Resume: 21.2 points (8th in league), 5.0 rebounds, 5.1 assists, 1.9 steals (6th in league), 52% FG (career best), and 73% FT… Team record in games played: 55-14 (11-2 record)… Playoffs: 15.9 points, 4.6 rebounds, 4.8 assists, 1.7 steals, 35.5 minutes, 46% FG, 75% FT, 15-7 record (1-0 without)… All-Star, 10th in MVP Voting, 3rd Team All-NBA
Well this is a bag of smashed apples I don’t really want to open. When I was finalizing my list I couldn’t help but wonder if there would be such a drastic reaction to my ranking of Dwyane Wade as there was last year, when I ranked Wade as the 9th best player in the NBA (keep in mind, this was only one spot lower than ESPN has him) and my credibility and objectivity as a writer was immediately challenged. I suppose I’m about to find out.
Where do I even begin? I’ll admit, I’m a little more cautious than I’d normally be concocting one of these write ups, because for whatever reason, people absolutely love to come to the defense Dwyane Wade. I get it; he’s cool, he’s Flash, he’s stylish, he was a Top 10 player from 2005 until 2011. I understand all of that. I understand that what he did in the 2006 Finals against Dallas was arguably the most Jordan-esque Finals performance since MJ’s second retirement. And oddly enough, I even understand why LeBron haters like to mitigate his accomplishments by pointing out the help he gets from his teammates, namely Dwyane Wade. But here is what Wade fans, LeBron haters, and “real” Heat fans won’t like to hear; Dwyane Wade is past his prime.
I know hearing that might sting a little and I’m sure there are a lot of angry people out there getting ready to challenge my credibility and objectivity in the comments again. I hope you can understand that this doesn’t have anything to do with my personal feelings towards Dwyane Wade. This is business, not personal. When it was personal, I had Wade five spots lower on my list before my cousin Gianni looked at my list and told me I wasn’t thinking clearly. I went back and re-evaluated Wade’s spot, and Gi was right. Wade put together an incredibly efficient regular season, got a well-deserved nod for 3rd Team All-NBA, and came up with three big games in the Finals that helped Miami win their second straight NBA title. He’s still the most beloved player on the Miami Heat roster and I don’t know if that will ever change, no matter what LeBron does in South Beach. That’s why Wade remains in the Top 15.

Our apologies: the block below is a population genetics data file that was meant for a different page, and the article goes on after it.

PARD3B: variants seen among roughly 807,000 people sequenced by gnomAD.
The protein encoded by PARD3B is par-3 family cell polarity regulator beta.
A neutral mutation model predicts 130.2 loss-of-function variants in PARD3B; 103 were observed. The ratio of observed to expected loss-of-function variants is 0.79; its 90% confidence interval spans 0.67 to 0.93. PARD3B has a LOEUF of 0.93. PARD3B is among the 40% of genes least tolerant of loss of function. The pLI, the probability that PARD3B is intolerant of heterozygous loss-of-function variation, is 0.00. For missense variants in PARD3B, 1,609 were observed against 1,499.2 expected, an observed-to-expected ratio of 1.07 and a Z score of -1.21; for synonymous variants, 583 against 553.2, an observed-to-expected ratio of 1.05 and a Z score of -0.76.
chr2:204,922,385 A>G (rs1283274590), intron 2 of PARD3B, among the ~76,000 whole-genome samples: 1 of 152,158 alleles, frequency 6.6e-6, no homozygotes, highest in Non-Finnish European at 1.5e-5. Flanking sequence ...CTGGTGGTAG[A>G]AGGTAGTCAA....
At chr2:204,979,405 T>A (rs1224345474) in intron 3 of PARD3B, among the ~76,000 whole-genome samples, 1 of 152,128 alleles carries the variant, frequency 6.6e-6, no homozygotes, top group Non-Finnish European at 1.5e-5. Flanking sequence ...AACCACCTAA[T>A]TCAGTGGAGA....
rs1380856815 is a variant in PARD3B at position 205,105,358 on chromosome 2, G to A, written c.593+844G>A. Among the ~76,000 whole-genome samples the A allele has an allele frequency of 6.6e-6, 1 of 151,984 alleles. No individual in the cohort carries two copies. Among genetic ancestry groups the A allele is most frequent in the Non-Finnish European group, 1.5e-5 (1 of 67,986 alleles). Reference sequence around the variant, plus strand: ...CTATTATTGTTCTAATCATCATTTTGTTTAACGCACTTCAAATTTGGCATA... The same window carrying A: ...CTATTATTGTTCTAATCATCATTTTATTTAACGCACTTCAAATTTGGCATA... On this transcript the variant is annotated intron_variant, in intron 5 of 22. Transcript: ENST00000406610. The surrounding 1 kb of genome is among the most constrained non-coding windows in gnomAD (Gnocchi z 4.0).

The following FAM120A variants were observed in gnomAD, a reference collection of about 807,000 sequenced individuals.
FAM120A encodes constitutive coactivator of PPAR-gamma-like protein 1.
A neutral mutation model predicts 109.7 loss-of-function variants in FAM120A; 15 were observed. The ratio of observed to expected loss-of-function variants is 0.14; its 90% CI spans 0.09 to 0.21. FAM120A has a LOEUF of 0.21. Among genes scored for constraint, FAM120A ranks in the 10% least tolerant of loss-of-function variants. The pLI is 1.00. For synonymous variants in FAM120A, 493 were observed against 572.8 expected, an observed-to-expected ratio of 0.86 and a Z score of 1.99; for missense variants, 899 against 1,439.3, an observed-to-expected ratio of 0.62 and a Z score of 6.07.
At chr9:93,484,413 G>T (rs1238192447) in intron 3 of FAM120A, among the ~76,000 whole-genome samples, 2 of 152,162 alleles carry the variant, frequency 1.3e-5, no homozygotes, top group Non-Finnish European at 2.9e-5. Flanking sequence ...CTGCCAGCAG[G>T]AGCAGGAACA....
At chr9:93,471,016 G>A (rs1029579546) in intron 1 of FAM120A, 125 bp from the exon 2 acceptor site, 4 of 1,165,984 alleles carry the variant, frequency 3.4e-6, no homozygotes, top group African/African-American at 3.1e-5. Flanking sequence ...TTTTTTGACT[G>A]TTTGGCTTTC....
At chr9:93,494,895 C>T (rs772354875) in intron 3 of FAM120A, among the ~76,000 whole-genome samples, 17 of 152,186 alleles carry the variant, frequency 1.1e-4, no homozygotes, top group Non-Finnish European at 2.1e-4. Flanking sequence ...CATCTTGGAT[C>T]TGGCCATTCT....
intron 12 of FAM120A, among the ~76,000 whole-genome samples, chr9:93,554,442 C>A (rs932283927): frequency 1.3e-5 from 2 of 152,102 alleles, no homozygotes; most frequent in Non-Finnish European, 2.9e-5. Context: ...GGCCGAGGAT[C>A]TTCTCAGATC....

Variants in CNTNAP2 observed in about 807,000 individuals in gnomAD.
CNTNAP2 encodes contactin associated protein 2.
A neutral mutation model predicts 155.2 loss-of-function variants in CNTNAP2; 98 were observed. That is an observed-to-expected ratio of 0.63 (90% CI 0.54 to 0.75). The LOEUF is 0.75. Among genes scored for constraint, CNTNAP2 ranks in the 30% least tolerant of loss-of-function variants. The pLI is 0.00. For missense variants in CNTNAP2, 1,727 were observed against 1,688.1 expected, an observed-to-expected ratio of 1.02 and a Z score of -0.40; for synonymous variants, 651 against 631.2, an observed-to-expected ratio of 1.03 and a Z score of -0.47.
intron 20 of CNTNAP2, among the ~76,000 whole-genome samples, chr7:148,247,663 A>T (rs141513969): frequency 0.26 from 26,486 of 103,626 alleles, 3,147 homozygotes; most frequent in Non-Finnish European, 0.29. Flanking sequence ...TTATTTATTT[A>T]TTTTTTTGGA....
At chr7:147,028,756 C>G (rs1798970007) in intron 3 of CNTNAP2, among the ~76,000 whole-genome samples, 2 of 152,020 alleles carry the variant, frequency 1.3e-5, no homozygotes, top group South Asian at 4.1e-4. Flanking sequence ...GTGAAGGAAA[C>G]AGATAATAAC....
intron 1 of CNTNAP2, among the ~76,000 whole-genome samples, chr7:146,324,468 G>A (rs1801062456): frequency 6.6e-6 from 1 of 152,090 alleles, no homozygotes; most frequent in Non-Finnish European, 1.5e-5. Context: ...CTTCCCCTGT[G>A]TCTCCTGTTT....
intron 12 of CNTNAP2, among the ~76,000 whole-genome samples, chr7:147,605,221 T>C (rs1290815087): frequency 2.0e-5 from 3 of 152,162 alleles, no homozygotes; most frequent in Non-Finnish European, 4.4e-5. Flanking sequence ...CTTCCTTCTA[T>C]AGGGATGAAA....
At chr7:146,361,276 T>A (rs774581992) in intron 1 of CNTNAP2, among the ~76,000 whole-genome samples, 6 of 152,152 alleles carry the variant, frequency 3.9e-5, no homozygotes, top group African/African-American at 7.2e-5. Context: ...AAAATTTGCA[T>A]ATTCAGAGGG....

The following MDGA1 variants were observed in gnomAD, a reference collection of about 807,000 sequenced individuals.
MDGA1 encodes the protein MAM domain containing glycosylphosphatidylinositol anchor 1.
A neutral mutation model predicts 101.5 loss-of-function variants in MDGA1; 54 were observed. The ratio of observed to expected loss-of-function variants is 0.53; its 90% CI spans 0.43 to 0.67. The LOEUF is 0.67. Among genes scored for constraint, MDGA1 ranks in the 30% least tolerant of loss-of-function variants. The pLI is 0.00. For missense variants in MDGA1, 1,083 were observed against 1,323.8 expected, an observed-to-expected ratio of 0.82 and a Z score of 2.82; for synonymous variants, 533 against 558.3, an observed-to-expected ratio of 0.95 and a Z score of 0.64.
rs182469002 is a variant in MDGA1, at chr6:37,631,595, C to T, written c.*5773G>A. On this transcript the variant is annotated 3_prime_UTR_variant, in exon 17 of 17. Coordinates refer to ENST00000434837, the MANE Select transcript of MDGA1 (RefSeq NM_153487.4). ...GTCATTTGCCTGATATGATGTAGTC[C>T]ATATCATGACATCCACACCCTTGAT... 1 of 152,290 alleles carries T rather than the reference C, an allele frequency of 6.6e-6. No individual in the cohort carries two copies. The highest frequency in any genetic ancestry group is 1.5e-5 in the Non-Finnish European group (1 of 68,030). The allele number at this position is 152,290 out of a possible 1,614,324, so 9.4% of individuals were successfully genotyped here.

Wade falls from last year for a variety of reasons. First, for the second straight season Wade dealt with knee issues that kept him out of thirteen regular season games, a playoff game, and left him ineffective in more playoff games than he was effective. Quickly, before you scream at me for placing injury prone youngsters Stephen Curry and Kyrie Irving ahead of Dwyane Wade, remember that when you’re in your early 20’s and dealing with injury problems, you’re a lot more prone to be able to shake that off. When you’re 31 years old and going into you’re eleventh NBA season, that just becomes your reality. You can’t simplify it and say that Wade was just nicked up last year. This is Dwyane Wade now. This is who he is. He’s going to miss extended periods of time during the season, not be able to attack the basket consistently like he did when he was 26 years old, and at times he will compromise the efficiency of the Heat offense just by being on the court.